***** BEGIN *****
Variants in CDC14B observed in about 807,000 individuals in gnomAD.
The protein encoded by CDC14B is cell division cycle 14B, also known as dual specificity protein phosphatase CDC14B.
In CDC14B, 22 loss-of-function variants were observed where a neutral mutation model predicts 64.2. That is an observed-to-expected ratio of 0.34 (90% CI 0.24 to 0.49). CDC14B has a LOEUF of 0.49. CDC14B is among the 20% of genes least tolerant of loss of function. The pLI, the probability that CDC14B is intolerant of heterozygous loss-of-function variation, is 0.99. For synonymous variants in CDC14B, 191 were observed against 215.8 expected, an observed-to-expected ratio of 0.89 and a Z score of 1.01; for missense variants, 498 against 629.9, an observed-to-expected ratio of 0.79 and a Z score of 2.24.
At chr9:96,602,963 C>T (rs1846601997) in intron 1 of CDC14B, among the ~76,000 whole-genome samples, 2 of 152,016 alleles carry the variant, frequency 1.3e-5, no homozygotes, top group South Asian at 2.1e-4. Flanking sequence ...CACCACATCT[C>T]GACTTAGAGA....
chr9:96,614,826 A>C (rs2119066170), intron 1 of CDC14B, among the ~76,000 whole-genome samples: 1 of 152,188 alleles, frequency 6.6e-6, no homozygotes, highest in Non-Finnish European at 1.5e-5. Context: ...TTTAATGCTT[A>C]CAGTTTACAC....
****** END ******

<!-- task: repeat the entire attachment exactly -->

Variants in CDC14B observed in about 807,000 individuals in gnomAD.
The protein encoded by CDC14B is cell division cycle 14B, also known as dual specificity protein phosphatase CDC14B.
In CDC14B, 22 loss-of-function variants were observed where a neutral mutation model predicts 64.2. That is an observed-to-expected ratio of 0.34 (90% CI 0.24 to 0.49). CDC14B has a LOEUF of 0.49. CDC14B is among the 20% of genes least tolerant of loss of function. The pLI, the probability that CDC14B is intolerant of heterozygous loss-of-function variation, is 0.99. For synonymous variants in CDC14B, 191 were observed against 215.8 expected, an observed-to-expected ratio of 0.89 and a Z score of 1.01; for missense variants, 498 against 629.9, an observed-to-expected ratio of 0.79 and a Z score of 2.24.
At chr9:96,602,963 C>T (rs1846601997) in intron 1 of CDC14B, among the ~76,000 whole-genome samples, 2 of 152,016 alleles carry the variant, frequency 1.3e-5, no homozygotes, top group South Asian at 2.1e-4. Flanking sequence ...CACCACATCT[C>T]GACTTAGAGA....
chr9:96,614,826 A>C (rs2119066170), intron 1 of CDC14B, among the ~76,000 whole-genome samples: 1 of 152,188 alleles, frequency 6.6e-6, no homozygotes, highest in Non-Finnish European at 1.5e-5. Context: ...TTTAATGCTT[A>C]CAGTTTACAC....